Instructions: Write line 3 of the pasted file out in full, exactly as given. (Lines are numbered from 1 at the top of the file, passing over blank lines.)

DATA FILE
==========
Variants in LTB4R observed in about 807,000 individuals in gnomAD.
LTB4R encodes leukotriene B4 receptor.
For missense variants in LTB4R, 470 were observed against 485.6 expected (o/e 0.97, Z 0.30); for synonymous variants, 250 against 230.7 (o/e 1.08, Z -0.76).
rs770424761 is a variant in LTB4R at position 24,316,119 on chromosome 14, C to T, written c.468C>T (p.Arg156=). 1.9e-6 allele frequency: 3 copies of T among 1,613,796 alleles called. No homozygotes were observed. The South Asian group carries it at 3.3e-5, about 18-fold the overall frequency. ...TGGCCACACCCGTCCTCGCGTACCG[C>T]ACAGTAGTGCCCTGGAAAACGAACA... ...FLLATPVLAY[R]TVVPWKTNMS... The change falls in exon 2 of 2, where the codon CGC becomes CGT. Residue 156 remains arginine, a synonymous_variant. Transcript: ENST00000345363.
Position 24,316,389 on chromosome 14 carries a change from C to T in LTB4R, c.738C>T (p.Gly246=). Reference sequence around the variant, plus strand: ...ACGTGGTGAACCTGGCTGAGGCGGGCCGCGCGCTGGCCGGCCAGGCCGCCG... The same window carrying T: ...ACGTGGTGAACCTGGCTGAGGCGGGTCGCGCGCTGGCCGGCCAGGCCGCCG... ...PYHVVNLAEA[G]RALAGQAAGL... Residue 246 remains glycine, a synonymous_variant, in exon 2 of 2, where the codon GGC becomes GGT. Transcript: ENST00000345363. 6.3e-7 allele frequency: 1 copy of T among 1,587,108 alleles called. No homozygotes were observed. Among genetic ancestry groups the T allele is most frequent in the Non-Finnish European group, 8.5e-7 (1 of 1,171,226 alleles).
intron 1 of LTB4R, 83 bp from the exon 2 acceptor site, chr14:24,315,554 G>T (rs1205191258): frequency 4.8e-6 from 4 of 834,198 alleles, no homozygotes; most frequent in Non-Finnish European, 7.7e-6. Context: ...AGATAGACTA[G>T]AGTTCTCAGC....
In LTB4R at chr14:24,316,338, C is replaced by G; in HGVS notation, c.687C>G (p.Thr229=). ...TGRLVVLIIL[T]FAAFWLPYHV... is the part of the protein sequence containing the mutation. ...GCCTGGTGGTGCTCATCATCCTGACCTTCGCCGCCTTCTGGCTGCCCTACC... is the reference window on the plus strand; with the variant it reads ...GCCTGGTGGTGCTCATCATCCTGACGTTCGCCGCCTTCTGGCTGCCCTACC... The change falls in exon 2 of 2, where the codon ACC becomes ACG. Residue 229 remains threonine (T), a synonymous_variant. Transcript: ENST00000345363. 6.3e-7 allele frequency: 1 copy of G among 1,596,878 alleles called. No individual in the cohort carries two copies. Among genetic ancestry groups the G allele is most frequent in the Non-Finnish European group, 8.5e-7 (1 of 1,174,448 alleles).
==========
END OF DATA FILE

For missense variants in LTB4R, 470 were observed against 485.6 expected (o/e 0.97, Z 0.30); for synonymous variants, 250 against 230.7 (o/e 1.08, Z -0.76).